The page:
Thornwell and the child.

“Seek out the child that needs you. Take his hand, give him comfort, make him safe. Do not turn away. He is the past where you, too, were vulnerable. He is the future where you cannot go.”

I spent the day at Thornwell recently. I’ve been trying to find the words – to know how to write about it – ever since.

Thornwell is located in Clinton, South Carolina, and was established as an orphanage shortly after the resolution of the Civil War – in the shadows of the war’s devastation of families and communities and society especially in the South.

Thornwell, the orphanage, was initially the vision of one man, a Presbyterian minister by the name of William Plumber Jacobs (also founder of Presbyterian College). I’ve been reading excerpts from his diaries – begun when he was just 15 years of age. The journal is thick with history and perspective, insight into the time and place and the man himself, as well as a collection of small bits of touching facts about the orphanage. I was intrigued to learn that the first recorded contribution to the building fund was given by a young child, a boy, an orphan.

The day I was there it was late winter, with empty trees and colorless grass. The children were absent as well – attending various Clinton public schools (although a charter school is envisioned for the campus in the near future). So it was exceedingly quiet and hushed with a sense of waiting.

A small all-black cat kept company with us as I was given a tour of the grounds and buildings – which added to its subtle subliminal Hogwarts appeal. There was, indeed, much that drew me to its ambience of history and peace and old architecture, its stone buildings with etched cornerstones and brass plaques, arched windows and aged wooden doors.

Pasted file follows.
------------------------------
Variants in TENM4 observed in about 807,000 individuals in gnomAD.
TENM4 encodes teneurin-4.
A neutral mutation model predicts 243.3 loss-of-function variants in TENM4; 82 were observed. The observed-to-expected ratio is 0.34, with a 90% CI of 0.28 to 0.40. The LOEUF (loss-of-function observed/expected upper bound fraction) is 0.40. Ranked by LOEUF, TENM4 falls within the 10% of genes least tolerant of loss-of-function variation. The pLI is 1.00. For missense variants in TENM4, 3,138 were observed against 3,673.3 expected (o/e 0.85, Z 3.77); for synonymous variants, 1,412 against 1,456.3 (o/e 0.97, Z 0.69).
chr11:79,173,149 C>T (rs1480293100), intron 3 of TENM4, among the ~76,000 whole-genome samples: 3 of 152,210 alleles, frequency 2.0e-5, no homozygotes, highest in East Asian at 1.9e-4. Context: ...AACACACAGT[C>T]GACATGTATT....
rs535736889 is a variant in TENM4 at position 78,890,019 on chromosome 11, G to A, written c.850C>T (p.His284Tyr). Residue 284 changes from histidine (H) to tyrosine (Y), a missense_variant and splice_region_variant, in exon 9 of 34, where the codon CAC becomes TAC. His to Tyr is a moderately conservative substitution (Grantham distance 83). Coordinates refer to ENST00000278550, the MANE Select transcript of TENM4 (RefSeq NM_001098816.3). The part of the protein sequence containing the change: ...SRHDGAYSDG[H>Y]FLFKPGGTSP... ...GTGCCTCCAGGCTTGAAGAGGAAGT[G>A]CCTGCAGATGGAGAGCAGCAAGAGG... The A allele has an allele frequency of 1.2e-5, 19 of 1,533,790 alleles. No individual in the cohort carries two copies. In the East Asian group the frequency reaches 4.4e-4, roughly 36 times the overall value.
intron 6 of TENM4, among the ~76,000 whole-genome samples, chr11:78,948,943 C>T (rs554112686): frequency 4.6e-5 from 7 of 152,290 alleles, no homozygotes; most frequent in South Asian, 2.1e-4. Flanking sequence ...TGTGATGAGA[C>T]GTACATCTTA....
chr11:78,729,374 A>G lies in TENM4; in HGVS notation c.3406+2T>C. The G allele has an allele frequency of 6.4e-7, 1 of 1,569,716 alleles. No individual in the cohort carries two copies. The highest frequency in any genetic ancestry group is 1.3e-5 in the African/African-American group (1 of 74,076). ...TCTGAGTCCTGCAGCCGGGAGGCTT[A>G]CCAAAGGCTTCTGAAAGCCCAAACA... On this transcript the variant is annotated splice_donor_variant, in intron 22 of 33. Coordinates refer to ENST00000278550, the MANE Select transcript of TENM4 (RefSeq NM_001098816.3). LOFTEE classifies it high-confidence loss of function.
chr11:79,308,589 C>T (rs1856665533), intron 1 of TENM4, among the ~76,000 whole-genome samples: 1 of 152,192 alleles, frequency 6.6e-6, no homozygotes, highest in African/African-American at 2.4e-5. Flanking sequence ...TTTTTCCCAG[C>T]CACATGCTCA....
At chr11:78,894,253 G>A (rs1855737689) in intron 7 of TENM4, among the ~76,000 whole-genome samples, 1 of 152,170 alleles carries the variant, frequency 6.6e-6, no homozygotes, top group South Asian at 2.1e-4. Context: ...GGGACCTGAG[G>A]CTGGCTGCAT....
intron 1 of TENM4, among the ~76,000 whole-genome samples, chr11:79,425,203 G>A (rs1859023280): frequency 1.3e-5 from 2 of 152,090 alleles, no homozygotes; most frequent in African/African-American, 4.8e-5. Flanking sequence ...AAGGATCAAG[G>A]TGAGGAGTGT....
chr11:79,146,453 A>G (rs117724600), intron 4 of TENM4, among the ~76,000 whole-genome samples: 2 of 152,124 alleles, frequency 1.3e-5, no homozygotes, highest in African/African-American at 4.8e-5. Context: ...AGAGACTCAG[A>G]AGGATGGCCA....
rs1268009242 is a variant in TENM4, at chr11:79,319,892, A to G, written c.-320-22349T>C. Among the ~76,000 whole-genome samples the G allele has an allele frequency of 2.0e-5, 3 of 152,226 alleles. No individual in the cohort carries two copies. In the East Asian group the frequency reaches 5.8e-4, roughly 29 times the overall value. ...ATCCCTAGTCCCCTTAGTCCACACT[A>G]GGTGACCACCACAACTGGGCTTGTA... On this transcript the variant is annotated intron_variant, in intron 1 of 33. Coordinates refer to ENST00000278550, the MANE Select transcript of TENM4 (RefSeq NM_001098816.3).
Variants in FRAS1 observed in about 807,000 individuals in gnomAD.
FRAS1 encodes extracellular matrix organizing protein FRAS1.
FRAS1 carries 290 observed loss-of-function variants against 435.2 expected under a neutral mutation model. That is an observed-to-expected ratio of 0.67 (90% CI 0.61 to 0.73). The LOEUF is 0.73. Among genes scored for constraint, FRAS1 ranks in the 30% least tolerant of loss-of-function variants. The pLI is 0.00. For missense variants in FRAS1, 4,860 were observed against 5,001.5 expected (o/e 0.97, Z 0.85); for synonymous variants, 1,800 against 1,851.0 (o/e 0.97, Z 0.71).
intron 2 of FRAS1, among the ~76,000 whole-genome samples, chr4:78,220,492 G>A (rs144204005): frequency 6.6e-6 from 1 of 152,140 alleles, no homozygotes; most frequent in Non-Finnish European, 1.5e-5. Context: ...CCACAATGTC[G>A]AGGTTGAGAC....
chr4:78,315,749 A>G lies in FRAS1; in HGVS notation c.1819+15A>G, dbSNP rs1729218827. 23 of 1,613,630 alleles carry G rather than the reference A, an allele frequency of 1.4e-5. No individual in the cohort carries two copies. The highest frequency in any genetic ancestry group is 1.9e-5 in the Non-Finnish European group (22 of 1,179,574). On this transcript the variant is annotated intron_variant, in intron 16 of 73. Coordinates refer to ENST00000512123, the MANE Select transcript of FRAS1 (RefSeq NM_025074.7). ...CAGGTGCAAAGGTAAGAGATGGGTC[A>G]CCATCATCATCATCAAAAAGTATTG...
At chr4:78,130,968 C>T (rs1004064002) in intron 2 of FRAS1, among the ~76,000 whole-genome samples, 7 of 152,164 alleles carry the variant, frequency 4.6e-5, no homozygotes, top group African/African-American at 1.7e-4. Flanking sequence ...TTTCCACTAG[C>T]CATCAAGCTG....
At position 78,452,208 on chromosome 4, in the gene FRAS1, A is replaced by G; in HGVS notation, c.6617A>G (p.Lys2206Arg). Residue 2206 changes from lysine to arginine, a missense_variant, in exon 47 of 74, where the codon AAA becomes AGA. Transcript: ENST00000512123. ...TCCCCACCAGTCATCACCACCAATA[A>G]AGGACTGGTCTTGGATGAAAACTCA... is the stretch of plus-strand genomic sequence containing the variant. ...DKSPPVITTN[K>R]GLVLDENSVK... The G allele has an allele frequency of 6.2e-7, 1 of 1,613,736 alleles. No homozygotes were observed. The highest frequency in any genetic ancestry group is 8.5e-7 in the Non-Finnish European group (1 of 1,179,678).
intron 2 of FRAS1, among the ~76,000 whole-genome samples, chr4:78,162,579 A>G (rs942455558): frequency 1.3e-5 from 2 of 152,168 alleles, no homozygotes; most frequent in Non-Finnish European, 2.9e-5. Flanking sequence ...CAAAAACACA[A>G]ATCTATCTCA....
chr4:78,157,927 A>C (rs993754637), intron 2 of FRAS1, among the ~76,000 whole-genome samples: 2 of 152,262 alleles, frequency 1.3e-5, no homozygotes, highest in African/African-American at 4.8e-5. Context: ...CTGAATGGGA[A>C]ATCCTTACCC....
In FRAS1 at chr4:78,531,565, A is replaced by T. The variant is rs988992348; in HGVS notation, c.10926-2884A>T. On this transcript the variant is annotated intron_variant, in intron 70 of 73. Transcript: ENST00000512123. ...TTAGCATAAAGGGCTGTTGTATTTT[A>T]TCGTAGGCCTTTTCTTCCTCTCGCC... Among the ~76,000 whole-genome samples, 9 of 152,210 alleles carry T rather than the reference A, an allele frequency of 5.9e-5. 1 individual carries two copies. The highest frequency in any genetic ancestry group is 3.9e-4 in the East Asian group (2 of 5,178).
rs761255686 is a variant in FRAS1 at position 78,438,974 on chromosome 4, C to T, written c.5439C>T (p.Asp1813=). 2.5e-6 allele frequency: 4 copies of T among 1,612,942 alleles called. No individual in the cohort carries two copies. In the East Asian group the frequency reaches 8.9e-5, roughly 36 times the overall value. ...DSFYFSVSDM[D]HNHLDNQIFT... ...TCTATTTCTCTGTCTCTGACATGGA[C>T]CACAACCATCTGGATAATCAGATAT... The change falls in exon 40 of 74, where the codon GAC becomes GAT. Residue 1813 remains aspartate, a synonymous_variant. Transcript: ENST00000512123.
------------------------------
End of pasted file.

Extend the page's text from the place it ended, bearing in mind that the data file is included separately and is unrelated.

Inside most of these buildings, however, was a depth of contemporary warmth. With one notable exception: a preserved library and natural history museum. Up its steep flight of stairs was over a century of past. The books alone could have kept any child engaged indefinitely. There were dusty bones and manuscripts and ladders reaching to the topmost ledges of walls of books and knowledge and the thoughts of generations. The walls along the stairwell were lined with gifts and mementos from missionaries out in the far reaches of the world. They were odd-shaped hats and shoes mostly, along with jewelry and ornaments of indefinable stones and other materials.

The black cat was waiting for us when we came back down again.

In one of the residential cottages, among the many ordinary things of life and family, there were of course photographs. Ordinary in all respects – except for the extraordinary eyes of the children in most of the portraits. These were the eyes of children who had been hungry too often – the kind of hunger that resorts to garbage cans in back alleys. Children who had known fear too young – frightened that their mothers won’t wake up, or their sisters won’t come home, or their teachers will see the bruises. These are the eyes of children who hadn’t been allowed to be children for a very long time.

There is also a farm on the edge of the Thornwell campus. So the children will know and feel the goodness of the natural universe and the inherent trust and kindness of animals. There is a church on the grounds, too, with stained-glass windows and clean white paint, where God can be thanked for Thornwell itself and most of all for the children. And there are programs and people of Thornwell who reach out into and move about the community, as it keeps pace with the needs of the culture and the times. Even the name is now simply “Thornwell” with its overall purpose being the building of families.

Just as I was leaving the campus, having taken my proper leave of the cat, I stopped to read the inscription on one prominent historical marker. It was dedicated to the founder and his vision. At the base were engraved two words alone: The Child.

I spent the day at Thornwell recently. And found the words to describe it were there all along.